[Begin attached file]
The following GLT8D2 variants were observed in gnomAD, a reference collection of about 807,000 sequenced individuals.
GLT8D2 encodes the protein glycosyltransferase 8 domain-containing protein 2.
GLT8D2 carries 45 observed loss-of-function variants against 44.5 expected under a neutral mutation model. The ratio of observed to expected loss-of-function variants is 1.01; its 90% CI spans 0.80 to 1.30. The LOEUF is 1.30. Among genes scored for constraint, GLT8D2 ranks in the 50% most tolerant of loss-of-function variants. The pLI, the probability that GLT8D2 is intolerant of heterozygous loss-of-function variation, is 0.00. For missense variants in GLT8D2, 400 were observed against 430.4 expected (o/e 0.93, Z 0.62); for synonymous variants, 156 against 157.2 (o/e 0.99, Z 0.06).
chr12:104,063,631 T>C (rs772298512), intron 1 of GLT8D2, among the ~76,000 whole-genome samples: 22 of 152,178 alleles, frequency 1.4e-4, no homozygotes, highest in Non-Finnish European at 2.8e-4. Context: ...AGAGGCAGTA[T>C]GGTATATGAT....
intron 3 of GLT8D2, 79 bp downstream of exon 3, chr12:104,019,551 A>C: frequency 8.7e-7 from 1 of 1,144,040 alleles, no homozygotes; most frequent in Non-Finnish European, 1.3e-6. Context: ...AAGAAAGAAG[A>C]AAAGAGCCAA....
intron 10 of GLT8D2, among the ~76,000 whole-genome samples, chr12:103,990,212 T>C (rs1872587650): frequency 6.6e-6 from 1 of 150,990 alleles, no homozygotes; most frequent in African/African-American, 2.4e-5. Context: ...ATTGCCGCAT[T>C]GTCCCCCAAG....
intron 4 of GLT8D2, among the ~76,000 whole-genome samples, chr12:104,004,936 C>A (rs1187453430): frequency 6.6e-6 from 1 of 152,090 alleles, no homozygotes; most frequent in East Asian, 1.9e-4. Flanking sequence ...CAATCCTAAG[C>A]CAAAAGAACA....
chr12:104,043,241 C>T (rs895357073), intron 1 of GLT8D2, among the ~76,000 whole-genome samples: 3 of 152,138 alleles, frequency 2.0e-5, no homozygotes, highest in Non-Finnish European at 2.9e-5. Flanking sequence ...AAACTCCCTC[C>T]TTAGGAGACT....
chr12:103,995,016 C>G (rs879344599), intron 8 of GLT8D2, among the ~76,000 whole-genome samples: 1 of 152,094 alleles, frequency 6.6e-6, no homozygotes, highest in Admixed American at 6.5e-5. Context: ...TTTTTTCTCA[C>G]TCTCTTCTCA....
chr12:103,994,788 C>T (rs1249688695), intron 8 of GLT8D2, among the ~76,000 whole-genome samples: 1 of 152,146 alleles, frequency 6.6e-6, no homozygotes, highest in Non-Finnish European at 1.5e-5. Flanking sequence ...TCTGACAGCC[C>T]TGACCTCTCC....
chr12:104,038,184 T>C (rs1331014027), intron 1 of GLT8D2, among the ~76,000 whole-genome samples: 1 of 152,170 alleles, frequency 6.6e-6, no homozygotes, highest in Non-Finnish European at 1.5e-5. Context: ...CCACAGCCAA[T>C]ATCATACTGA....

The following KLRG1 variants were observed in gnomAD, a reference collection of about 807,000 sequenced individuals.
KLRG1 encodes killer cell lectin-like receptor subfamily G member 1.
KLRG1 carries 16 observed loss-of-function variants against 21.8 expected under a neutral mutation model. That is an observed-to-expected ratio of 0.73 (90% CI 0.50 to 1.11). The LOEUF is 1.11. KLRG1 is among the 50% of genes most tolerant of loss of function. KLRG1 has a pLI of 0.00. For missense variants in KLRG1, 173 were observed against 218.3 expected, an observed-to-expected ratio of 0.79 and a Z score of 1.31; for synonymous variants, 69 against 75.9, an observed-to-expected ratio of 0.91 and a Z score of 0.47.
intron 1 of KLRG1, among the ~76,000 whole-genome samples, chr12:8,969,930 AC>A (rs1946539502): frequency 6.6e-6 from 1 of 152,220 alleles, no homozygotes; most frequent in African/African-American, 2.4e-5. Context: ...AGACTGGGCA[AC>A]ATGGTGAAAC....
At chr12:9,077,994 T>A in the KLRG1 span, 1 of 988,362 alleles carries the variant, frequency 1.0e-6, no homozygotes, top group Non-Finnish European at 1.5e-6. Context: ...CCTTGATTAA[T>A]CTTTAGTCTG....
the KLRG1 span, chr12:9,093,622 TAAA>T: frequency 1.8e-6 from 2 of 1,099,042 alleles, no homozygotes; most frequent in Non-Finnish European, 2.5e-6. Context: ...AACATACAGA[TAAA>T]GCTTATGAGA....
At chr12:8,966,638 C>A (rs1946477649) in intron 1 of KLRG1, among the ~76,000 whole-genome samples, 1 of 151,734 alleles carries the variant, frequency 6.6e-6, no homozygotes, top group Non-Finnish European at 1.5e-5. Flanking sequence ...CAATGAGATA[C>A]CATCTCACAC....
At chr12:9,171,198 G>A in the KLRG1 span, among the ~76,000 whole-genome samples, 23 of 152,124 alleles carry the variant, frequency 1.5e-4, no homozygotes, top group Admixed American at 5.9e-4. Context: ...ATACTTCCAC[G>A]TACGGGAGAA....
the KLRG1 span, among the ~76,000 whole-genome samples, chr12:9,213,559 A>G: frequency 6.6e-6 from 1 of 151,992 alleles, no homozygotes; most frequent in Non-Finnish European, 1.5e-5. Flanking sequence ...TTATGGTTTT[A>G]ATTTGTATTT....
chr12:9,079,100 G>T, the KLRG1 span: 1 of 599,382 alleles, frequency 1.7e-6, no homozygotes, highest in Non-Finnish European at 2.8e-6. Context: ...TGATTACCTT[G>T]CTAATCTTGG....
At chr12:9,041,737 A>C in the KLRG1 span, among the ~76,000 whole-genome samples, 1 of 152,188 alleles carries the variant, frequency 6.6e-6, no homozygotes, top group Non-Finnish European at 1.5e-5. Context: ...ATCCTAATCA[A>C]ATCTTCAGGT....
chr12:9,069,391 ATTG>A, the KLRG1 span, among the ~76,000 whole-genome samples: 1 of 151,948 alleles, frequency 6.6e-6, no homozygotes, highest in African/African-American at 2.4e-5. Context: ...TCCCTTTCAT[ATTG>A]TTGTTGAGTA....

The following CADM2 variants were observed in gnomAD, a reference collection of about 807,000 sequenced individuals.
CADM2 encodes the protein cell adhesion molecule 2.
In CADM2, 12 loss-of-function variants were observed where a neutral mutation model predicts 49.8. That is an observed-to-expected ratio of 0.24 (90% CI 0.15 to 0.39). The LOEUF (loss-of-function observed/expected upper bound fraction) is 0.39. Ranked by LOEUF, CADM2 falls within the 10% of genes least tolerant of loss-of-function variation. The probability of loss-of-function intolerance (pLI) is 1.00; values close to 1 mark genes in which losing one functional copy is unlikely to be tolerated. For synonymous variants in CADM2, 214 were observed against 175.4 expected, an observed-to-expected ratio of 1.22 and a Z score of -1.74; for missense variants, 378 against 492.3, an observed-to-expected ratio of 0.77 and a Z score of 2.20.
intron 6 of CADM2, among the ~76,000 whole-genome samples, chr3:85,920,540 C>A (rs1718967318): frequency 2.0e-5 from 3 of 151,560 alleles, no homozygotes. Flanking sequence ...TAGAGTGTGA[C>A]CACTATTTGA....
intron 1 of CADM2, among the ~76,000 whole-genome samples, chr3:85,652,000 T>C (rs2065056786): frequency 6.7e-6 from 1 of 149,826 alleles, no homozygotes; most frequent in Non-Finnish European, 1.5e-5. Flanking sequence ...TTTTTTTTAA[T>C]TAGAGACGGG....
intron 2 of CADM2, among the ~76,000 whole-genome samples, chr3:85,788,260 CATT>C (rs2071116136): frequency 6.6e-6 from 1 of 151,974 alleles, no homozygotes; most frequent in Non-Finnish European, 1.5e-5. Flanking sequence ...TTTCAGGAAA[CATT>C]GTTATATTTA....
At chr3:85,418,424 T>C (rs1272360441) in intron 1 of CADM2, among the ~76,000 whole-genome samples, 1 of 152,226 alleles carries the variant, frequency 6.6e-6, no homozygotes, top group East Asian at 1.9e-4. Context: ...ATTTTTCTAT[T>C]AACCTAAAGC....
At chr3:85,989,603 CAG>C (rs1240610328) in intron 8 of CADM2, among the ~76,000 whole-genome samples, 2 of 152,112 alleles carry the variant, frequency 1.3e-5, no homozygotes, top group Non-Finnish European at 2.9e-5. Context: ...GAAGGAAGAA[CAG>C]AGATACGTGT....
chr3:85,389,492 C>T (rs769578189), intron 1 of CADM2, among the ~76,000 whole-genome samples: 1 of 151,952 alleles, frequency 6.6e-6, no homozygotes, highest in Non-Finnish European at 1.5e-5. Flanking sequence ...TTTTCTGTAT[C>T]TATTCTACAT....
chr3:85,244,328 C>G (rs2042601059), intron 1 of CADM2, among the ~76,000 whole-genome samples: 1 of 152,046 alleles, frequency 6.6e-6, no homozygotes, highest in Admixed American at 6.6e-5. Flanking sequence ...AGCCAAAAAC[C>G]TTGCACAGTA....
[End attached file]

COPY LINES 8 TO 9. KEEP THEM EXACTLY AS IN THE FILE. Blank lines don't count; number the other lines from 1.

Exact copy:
chr12:104,043,241 C>T (rs895357073), intron 1 of GLT8D2, among the ~76,000 whole-genome samples: 3 of 152,138 alleles, frequency 2.0e-5, no homozygotes, highest in Non-Finnish European at 2.9e-5. Flanking sequence ...AAACTCCCTC[C>T]TTAGGAGACT....
chr12:103,995,016 C>G (rs879344599), intron 8 of GLT8D2, among the ~76,000 whole-genome samples: 1 of 152,094 alleles, frequency 6.6e-6, no homozygotes, highest in Admixed American at 6.5e-5. Context: ...TTTTTTCTCA[C>G]TCTCTTCTCA....